Saturday, September 01, 2007

They're Back!

The Richmond 26 are back in the news. Since their first call for replacing Richmond’s elected school board with an appointed one met with such overwhelming approval by. . . well, I guess by Mayor Wilder, they repeated it again in a 17 page paper delivered to the City Council and the mayor. Of course, our School Board, charged by law with supervising the schools in Richmond did not receive a copy of the missive. Nor, for that matter, did this maven. Thus, on this matter, just like Will Rogers, I only know what I read in the papers.

Since nobody in Richmond took seriously their proposal to bypass the people in doing away with our elected school board, Richmond’s finest indicated that they were willing to wait for a public referendum on the issue. Of course, by making this concession, the 26 risked that the public might vote to keep the elected board. But, hell, that is the risk of democracy.

As in their first letter, our business elite opined that getting rid of the elected school board is all it would take to fix Richmond Public Schools. The division of authority between the City Council and the School Board guarantees that Richmond schools will fail, assert the 26, although they fail to explain why this same division is working fine in most other school districts in the Commonwealth. As stated in the paper, “This mishmash of accountability violates every tenet of managerial structural efficiency and accountability—and is doomed to failure.”

Of course, I am not a business mogul. I am a mere maven. But, I’m not sure what the mishmash problem is. Our School Board gets funds from federal, state and city sources. It uses this money to operate our public schools. If the board does a bad job managing the money, we, the citizens of Richmond, will hold them accountable at the next election.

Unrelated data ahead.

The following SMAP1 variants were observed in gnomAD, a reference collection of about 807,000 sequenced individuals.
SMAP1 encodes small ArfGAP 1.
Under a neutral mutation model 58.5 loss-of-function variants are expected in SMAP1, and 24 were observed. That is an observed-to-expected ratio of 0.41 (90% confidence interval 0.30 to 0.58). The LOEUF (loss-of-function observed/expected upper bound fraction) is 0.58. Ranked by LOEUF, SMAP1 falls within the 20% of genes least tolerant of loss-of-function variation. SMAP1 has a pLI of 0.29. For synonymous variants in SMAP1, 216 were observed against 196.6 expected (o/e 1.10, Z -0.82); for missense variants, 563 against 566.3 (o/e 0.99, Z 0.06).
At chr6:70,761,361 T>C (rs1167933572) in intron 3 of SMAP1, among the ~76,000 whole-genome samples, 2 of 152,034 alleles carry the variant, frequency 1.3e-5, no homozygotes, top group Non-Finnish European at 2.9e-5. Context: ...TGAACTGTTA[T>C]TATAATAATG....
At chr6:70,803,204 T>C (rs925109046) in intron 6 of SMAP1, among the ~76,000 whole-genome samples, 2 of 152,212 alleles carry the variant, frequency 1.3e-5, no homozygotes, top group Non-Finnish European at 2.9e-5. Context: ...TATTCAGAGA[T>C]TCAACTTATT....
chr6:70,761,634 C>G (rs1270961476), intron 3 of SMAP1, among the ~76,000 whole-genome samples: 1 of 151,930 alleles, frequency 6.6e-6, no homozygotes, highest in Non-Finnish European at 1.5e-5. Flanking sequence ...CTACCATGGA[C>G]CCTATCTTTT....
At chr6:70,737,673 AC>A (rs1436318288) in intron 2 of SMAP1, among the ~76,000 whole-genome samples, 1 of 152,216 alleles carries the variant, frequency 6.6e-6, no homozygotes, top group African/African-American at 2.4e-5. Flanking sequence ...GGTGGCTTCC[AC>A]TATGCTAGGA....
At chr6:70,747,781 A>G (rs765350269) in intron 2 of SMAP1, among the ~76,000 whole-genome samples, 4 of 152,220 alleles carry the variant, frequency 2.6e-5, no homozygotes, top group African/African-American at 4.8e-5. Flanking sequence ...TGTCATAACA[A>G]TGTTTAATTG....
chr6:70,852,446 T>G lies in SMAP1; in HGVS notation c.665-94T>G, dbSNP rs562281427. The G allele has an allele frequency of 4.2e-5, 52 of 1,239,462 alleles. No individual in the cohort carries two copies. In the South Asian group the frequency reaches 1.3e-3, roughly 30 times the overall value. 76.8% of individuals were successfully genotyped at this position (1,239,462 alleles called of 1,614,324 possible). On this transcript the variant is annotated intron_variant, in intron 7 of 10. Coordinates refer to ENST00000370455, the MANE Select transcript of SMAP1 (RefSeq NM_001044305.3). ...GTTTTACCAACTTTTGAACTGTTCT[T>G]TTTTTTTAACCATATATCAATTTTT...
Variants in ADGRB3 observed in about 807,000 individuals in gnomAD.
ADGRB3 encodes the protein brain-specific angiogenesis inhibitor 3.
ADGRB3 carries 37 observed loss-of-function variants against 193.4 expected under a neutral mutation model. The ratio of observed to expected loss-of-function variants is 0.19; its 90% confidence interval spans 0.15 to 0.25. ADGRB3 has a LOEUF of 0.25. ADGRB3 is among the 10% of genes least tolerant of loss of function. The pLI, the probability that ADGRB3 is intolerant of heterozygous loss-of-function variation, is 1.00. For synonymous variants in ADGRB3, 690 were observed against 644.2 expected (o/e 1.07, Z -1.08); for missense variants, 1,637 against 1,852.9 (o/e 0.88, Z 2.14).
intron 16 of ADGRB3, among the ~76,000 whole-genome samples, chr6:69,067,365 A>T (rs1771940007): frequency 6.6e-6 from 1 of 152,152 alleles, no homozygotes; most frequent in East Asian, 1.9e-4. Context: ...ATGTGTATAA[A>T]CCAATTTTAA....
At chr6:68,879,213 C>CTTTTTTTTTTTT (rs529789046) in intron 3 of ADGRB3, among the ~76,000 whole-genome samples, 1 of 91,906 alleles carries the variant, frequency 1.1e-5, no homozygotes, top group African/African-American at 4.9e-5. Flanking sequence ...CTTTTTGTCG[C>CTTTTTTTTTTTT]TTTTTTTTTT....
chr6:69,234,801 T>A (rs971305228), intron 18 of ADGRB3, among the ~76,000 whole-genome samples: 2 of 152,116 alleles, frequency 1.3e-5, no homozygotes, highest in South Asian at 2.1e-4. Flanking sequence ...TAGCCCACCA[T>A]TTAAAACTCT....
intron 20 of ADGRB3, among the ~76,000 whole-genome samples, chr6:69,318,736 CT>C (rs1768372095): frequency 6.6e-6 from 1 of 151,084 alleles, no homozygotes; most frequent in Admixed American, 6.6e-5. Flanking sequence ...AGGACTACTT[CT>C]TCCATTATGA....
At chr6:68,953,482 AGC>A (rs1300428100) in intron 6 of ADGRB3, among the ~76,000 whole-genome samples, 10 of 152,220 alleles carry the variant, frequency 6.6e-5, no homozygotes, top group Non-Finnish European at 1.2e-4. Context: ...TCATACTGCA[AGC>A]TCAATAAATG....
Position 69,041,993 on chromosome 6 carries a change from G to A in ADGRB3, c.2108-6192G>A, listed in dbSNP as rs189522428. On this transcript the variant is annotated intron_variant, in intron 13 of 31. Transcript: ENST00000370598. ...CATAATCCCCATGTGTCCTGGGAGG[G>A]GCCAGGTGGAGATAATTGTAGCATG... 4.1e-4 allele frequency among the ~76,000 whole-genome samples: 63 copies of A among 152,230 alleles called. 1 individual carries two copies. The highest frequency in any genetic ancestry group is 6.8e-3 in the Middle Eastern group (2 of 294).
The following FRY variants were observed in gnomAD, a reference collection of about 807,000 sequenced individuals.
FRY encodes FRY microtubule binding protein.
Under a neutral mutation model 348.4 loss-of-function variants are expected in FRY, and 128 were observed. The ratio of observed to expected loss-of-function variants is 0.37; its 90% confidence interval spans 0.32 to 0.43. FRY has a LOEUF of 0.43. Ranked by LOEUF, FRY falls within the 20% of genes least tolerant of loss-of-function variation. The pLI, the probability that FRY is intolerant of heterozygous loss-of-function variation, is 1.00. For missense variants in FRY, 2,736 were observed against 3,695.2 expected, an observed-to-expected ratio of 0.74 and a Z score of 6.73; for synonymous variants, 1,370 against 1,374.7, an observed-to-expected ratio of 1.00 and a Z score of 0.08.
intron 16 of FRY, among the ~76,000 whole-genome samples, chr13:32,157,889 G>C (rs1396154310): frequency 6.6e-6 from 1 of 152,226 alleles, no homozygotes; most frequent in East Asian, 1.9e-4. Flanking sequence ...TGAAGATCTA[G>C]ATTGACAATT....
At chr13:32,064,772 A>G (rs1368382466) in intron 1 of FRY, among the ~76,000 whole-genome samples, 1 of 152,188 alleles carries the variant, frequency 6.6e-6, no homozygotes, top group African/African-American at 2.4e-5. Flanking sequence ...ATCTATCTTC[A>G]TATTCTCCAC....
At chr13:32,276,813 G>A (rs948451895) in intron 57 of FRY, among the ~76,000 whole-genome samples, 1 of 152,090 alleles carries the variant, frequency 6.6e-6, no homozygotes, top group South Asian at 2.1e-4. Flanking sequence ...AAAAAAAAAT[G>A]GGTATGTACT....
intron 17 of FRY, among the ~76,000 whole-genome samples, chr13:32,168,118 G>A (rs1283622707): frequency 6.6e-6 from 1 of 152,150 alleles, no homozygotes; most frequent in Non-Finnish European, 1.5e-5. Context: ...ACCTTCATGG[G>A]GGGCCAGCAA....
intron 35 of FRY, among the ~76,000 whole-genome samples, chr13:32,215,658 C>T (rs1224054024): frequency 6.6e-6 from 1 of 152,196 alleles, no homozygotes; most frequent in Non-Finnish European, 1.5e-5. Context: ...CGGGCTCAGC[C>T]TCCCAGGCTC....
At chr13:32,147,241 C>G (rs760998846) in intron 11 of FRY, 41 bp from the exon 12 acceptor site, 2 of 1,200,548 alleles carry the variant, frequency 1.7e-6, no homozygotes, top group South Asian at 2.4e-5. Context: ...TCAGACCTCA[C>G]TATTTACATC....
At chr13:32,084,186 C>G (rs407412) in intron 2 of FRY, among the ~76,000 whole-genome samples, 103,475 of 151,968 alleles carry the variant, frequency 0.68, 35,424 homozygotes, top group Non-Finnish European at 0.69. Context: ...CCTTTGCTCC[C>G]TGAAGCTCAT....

Perhaps, the 26 really object to the Constitution of Virginia, which requires that school systems be run by school boards rather than by the legislative authority in each district. The “managerial structural efficiency” they desire would be best served by eliminating school boards entirely and simply having the schools run by city councils or county boards of supervisors. After all, we don’t have police department run by police boards, fire departments run by fire boards, or sanitation departments run by garbage boards. In requiring school boards, our constitution recognizes that education is the most important service provided by government and that a separate body, charged only with running the schools, is necessary. It’s sloppy, perhaps even a mishmash, but that’s the way it works throughout the Commonwealth and the country.

In their epistle, the Richmond 26 set forth ten goals for Richmond Public Schools, which, presumably, an appointed school board will be able to achieve. According to the TD, the goals are

1- a graduation rate of 77 percent by 2012;
2- a rate of 50 percent of entering ninth graders attending two or four year colleges four years from now;
3- increasing average SAT scores, and increasing participation to 60 percent by 2012;
4- improving SOL scores in reading and math, especially in middle school;
5- make Adequate Yearly Progress this year, under the No Child Left Behind law;
6- cut truancy in half by next year;
7- reduce by half the number of weapons-related incidents by 2010;
8- put 50 percent of technology resources into classrooms by 2010;
9- initiate the facilities plan portion of the mayor’s City of the Future plan; and
10- reduce noninstructional per-pupil spending by 2012.

Although these suggested goals are helpful, they don’t tell us how to get closer to fixing our school problems. Not all of them, as written, contain adequate measures of compliance. Further, the 26 have no suggestions on how these goals might be met.

As you know, this maven set forth a five step plan for fixing our schools two weeks ago. And, just this week, Paul Goldman, the man that gave us Doug Wilder, set forth a ten step proposal for improving our schools. See his blog on Channel 12’s Campaign 2008 website.,com_myblog/show,School-Board-Improvements-10-Point-Action-Plan.html/Itemid,130/

Hopefully, more citizens will come forward with their suggestions for fixing our schools. Again, my thanks to the Richmond 26 for bringing the issue of Richmond Public Schools to public debate.

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